- Johnette Howard, ESPN Staff Writer
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FLORHAM PARK, N.J. -- For all the talk about what an incorrigible trash-talker Jets coach Rex Ryan is, the underplayed truth is he's an even bigger, more flagrant optimist.
Ryan routinely comes shambling in after Jets practices talking animatedly about some "great" or "tremendous" or "outstanding" thing he's just seen. You get the feeling that if they someday put only one line on his tombstone, it probably will be, "Hey, I love all my guys!"
In an almost comical two-day span in training camp, his enthusiasm was whitecapping along so high, he called Jets cornerback Darrelle Revis, center Nick Mangold, left tackle D'Brickashaw Ferguson and now-injured nose tackle Kris Jenkins the best at their positions in the NFL, pronounced LaDainian Tomlinson the best third-down back in the league, and good-naturedly groused how new wideout Santonio Holmes, the ex-Steelers star, cost him a couple of Super Bowl rings when he still was coaching in Baltimore -- an impressive shower of valentines even by Rex's standards.
So when Ryan stood at the news conference podium early this week and said the Jets haven't even approached their ceiling as a team yet -- "I don't think we're close on either side of the ball" -- his remark deserved more attention than it got, because it wasn't just coach-speak. And it wasn't just Ryan's mouth taking off on some naked bootleg without him really thinking about what he was saying.
The Jets are 5-1. They're tied for the best record in the NFL. And yet, the feeling around the team as it shakes off its bye-week break and gets ready for the Green Bay Packers on Sunday is that the best is yet to come.
The Jets are not even close to what they could be.
And there are a lot of concrete reasons to think they're right.
"It's not just that I see that -- I think the whole team sees that," Ryan said Thursday.
The days right after a bye week are always a natural time to hit the reset button on a season. What went right? What went wrong?
Remember how the Jets talked a lot during training camp about being a "historic" defense that could be better and more punishing than the top-ranked unit they threw out last season? They haven't been close to that. They're currently ranked just 14th overall, in the middle of the pack. As linebacker Bart Scott pointed out Thursday, the Jets have been good at getting teams into third-and-long situations -- "hunting season, we call it, because you know our blitz will be coming" -- but they haven't been nearly as good at winning those downs and getting off the field.
Then again, Sunday will mark the first time the Jets have had a fully healthy Revis to bookend with Antonio Cromartie at cornerback. And the entire defense is looking forward to it. As linebacker Jason Taylor says, "There's no better thing for a pass-rusher than having good cover guys. ... People talk about our sacks [being down]. But we don't care about the stats. ... If you can get a quarterback chucking and ducking, you're happy."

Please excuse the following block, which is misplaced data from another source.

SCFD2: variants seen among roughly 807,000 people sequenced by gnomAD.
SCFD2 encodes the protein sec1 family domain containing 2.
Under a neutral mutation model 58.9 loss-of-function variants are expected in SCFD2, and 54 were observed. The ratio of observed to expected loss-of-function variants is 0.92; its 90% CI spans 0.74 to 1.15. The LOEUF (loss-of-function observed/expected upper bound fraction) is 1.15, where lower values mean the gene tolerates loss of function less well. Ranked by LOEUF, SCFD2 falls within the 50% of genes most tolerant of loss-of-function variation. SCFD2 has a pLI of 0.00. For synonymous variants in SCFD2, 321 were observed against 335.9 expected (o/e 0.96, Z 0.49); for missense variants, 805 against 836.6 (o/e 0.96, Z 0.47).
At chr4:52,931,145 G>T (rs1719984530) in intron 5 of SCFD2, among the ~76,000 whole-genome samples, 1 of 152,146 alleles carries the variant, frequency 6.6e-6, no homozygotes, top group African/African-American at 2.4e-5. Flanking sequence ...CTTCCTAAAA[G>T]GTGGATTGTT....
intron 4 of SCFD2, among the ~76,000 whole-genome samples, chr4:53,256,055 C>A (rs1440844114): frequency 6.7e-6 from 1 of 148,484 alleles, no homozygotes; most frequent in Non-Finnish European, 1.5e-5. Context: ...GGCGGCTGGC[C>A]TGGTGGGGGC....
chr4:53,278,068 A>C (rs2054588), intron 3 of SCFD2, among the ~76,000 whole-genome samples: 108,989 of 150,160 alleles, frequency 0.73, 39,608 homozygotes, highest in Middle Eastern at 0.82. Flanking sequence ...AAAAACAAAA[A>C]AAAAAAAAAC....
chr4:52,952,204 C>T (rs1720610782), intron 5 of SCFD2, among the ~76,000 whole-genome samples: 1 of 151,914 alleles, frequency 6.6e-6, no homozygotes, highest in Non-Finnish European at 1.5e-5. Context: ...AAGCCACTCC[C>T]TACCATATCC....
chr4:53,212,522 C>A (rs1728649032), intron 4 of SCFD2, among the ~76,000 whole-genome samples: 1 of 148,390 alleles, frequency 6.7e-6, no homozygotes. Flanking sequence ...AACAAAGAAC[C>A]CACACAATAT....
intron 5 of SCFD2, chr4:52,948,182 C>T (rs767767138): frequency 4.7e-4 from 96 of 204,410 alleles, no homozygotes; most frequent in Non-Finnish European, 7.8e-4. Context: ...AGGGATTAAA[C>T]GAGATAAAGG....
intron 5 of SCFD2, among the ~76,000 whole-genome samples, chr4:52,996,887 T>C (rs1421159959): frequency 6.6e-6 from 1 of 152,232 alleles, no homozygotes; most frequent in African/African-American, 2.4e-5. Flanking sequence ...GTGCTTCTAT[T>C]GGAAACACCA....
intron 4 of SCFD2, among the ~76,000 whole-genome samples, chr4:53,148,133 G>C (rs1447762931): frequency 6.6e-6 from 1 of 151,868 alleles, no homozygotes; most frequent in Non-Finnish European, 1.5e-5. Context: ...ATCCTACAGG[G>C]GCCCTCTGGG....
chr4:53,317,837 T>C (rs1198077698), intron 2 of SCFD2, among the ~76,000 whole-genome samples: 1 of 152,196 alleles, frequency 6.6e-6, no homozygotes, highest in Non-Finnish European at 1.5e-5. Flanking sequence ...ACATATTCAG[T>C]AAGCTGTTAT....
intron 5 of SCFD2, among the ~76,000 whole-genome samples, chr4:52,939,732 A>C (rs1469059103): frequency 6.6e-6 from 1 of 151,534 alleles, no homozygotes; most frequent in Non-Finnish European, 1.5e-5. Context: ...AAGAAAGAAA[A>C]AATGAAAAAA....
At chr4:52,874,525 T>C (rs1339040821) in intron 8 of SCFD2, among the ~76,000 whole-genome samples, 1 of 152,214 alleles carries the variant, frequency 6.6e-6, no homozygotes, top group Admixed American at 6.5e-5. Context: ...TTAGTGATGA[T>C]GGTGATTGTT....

The Jets' offense has even more room to grow.
Holmes, a big-play receiver during his Steelers career, has been little more than a glorified possession receiver for the Jets in the two games he's played since serving his season-opening four-game suspension. But the Jets didn't bring him here to run 6-yard slants.
Ryan has hinted all week that he expects Holmes' involvement in the offense to finally tick up, perhaps as soon as the Green Bay game. Jerricho Cotchery can play better, too. Throw in Tomlinson, who has exceeded expectations, and tight end Dustin Keller, who has continued to develop into the closest thing quarterback Mark Sanchez has to a security blanket, and the offense still has a huge upside.
Sanchez has been impressive at cutting down his interceptions (he's on pace to throw only five, down from 20 last season), but Ryan called out his second-year quarterback a little Wednesday anyway, saying Sanchez was bailing out of the pocket too much in the Jets' previous game, a come-from-behind win against Denver. Ryan also rattled off a wish list of other things he'd like to see the offense improve, starting with raising Sanchez's completion percentage, improving the communication between him and his receivers on routes, the receivers' yards after catch, the offense's third-down conversion efficiency, performance in the red zone and, well, you get the idea.
So much can improve. And they're still 5-1.
"We're not surprised," Taylor said. "But we're not satisfied. We can clean up a few things."
And when they do?
Keller smiled at the thought. And he laughed.
"It's going to be football heaven," he said.
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